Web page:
Waning winter weeks

Posted 12/21/22

Its been a long eventful year, and as I fight with many of the same ongoing tasks that make up my day-to-day out here, I can’t help but reflect on the blessings and progress that have been made. 

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Waning winter weeks


Its been a long eventful year, and as I fight with many of the same ongoing tasks that make up my day-to-day out here, I can’t help but reflect on the blessings and progress that have been made. 

It’s easy to forget what’s been achieved and what new ground has been broken when the to-do list stretches as far as one’s ability to keep thinking about it. 

There’s never a dull moment, but in the wake of so many crazy moments back-to-back, I’ve attempted to make time for reflection as we approach the start of a new year. 

For starters, I can’t begin to think about this labor of love without the reason we do it all, which is, of course, my family. It started just before Christmas last year with the birth of my second-born son. His presence has made the past 12 months around the sun all the more hectic and a million times more gratifying, as I’m blessed with his daily smiles, and now his first steps, as he learns and grows alongside everything else. 

Another huge game-changer for us was the purchase of not only our first tractor, but also an additional specialty gardening tractor later in the year. 

With the memory of bringing home this monumental stepping stone comes the bittersweet thoughts of the value of a true friend and neighbor. I of course refer to the late Mr. Russell Googins, who aided in the mechanical overhaul of our first tractor, and ensured a working machine for years to come. It was utterly unexpected when he passed not long ago, and our weekly visits have since become a fond memory.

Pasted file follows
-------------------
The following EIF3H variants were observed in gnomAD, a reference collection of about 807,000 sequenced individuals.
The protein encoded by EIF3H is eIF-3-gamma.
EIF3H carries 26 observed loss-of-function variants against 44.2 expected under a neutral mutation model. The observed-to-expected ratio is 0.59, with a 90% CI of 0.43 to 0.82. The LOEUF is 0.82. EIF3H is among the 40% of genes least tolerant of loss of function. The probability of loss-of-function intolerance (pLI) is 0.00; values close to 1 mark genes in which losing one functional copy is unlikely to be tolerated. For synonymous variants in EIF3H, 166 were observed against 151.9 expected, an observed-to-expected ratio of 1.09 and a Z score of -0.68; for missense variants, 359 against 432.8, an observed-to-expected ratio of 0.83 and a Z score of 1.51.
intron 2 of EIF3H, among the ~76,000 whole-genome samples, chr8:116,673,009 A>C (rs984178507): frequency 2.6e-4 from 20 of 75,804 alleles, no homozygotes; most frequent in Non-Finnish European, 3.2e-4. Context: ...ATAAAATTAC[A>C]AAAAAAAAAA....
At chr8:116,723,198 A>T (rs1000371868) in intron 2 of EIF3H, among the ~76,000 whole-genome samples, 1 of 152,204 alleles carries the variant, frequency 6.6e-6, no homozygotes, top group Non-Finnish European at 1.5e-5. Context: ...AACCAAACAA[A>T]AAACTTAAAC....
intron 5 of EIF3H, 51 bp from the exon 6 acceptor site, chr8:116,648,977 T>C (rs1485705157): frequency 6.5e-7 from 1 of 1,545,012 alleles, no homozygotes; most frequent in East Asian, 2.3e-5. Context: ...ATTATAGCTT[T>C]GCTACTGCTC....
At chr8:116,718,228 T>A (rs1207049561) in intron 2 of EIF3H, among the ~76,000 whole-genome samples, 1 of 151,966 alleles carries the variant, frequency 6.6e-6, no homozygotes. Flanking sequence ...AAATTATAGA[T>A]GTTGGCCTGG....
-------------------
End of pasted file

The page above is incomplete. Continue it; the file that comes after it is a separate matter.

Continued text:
I have had the pleasure of more good neighbors and friends than I am owed in a lifetime now, and it was nothing short of a personal honor to have known and learned from the man for even so short a time as it was.

I took a trip like nothing I’d ever experienced to go tuna fishing, my eldest son began helping garden in the field, and we had a record year for blueberries, stretching almost two months long. 

We doubled our garlic fields and managed to successfully fight back against the tyrannical weeds. We finally completed the covering of our greenhouse in the spring, which included a very gratifying weed-control method with a flamethrower.

We brought back chicken coops and started a new laying flock, which has since grown throughout the year and promises good things for the future of our farm. 

We successfully began growing hydroponic lettuce and basil, and learned a good many lessons about seed starting with an abundant yield of seedlings this past spring. Likewise, we learned a thing or two about planting things a bit late in the year—with no protection from the deer to boot. 

We put up a good supply of meat in our own freezer, and through my first year of officially working for my father-in-law, I did the same for his customers at the butcher shop.

In summary, it was perhaps a more eventful year than I had initially considered, given the beginning of new life and the end of others. There was personal growth, the pursuit of old goals, the broadening of the same vision and the humbling pursuit of an honest day’s work. 

The way out here we can’t live in the past, because the future demands our preparation, but the surprises of each and every day make living in the present nothing short of a gift. We are not guaranteed tomorrow, but neither do we fear the setting of the sun, as we try to catch a few winks between long days of good wholesome work. 

From my family to yours, merry Christmas and a happy new year. Wishing you blessings from all the way out here.

story, farming, family, gardening


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